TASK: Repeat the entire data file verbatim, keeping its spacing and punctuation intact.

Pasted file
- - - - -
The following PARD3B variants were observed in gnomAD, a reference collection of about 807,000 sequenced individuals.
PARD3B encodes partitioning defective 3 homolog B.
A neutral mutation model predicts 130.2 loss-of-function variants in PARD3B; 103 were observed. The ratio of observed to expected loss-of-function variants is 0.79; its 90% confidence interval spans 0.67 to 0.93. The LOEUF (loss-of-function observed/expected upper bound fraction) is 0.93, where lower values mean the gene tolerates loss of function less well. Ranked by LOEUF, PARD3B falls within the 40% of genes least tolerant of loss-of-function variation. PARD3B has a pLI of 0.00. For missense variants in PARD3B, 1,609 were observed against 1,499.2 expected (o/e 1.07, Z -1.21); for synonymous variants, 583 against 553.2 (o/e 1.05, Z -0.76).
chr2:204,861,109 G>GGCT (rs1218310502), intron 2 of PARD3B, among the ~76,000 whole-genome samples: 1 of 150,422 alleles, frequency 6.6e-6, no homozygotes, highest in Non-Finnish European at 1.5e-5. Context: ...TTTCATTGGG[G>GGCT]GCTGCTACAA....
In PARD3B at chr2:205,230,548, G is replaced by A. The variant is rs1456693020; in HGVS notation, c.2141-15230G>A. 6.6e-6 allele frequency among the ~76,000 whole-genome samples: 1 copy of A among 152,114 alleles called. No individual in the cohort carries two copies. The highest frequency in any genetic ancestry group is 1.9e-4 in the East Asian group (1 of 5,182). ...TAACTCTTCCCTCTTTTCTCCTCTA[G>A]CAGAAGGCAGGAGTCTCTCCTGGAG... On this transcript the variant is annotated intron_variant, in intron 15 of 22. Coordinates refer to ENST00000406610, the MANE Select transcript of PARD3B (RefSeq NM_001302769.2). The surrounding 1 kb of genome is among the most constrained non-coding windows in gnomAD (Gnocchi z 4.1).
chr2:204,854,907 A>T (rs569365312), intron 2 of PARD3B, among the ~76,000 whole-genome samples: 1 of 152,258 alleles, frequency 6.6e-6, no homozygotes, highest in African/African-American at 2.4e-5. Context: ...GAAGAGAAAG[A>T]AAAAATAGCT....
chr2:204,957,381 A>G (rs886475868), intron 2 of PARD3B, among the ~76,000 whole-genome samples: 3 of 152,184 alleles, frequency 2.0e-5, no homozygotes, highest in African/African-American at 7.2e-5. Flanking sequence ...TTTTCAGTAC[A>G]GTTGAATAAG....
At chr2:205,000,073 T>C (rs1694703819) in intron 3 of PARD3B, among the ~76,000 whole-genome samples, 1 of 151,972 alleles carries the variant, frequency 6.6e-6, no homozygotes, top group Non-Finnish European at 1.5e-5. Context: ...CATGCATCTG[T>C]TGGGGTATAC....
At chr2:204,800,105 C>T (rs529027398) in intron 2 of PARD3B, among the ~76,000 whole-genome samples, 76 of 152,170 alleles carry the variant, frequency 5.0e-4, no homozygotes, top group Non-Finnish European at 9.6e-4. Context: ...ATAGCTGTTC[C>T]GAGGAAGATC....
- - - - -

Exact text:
The following PARD3B variants were observed in gnomAD, a reference collection of about 807,000 sequenced individuals.
PARD3B encodes partitioning defective 3 homolog B.
A neutral mutation model predicts 130.2 loss-of-function variants in PARD3B; 103 were observed. The ratio of observed to expected loss-of-function variants is 0.79; its 90% confidence interval spans 0.67 to 0.93. The LOEUF (loss-of-function observed/expected upper bound fraction) is 0.93, where lower values mean the gene tolerates loss of function less well. Ranked by LOEUF, PARD3B falls within the 40% of genes least tolerant of loss-of-function variation. PARD3B has a pLI of 0.00. For missense variants in PARD3B, 1,609 were observed against 1,499.2 expected (o/e 1.07, Z -1.21); for synonymous variants, 583 against 553.2 (o/e 1.05, Z -0.76).
chr2:204,861,109 G>GGCT (rs1218310502), intron 2 of PARD3B, among the ~76,000 whole-genome samples: 1 of 150,422 alleles, frequency 6.6e-6, no homozygotes, highest in Non-Finnish European at 1.5e-5. Context: ...TTTCATTGGG[G>GGCT]GCTGCTACAA....
In PARD3B at chr2:205,230,548, G is replaced by A. The variant is rs1456693020; in HGVS notation, c.2141-15230G>A. 6.6e-6 allele frequency among the ~76,000 whole-genome samples: 1 copy of A among 152,114 alleles called. No individual in the cohort carries two copies. The highest frequency in any genetic ancestry group is 1.9e-4 in the East Asian group (1 of 5,182). ...TAACTCTTCCCTCTTTTCTCCTCTA[G>A]CAGAAGGCAGGAGTCTCTCCTGGAG... On this transcript the variant is annotated intron_variant, in intron 15 of 22. Coordinates refer to ENST00000406610, the MANE Select transcript of PARD3B (RefSeq NM_001302769.2). The surrounding 1 kb of genome is among the most constrained non-coding windows in gnomAD (Gnocchi z 4.1).
chr2:204,854,907 A>T (rs569365312), intron 2 of PARD3B, among the ~76,000 whole-genome samples: 1 of 152,258 alleles, frequency 6.6e-6, no homozygotes, highest in African/African-American at 2.4e-5. Context: ...GAAGAGAAAG[A>T]AAAAATAGCT....
chr2:204,957,381 A>G (rs886475868), intron 2 of PARD3B, among the ~76,000 whole-genome samples: 3 of 152,184 alleles, frequency 2.0e-5, no homozygotes, highest in African/African-American at 7.2e-5. Flanking sequence ...TTTTCAGTAC[A>G]GTTGAATAAG....
At chr2:205,000,073 T>C (rs1694703819) in intron 3 of PARD3B, among the ~76,000 whole-genome samples, 1 of 151,972 alleles carries the variant, frequency 6.6e-6, no homozygotes, top group Non-Finnish European at 1.5e-5. Context: ...CATGCATCTG[T>C]TGGGGTATAC....
At chr2:204,800,105 C>T (rs529027398) in intron 2 of PARD3B, among the ~76,000 whole-genome samples, 76 of 152,170 alleles carry the variant, frequency 5.0e-4, no homozygotes, top group Non-Finnish European at 9.6e-4. Context: ...ATAGCTGTTC[C>T]GAGGAAGATC....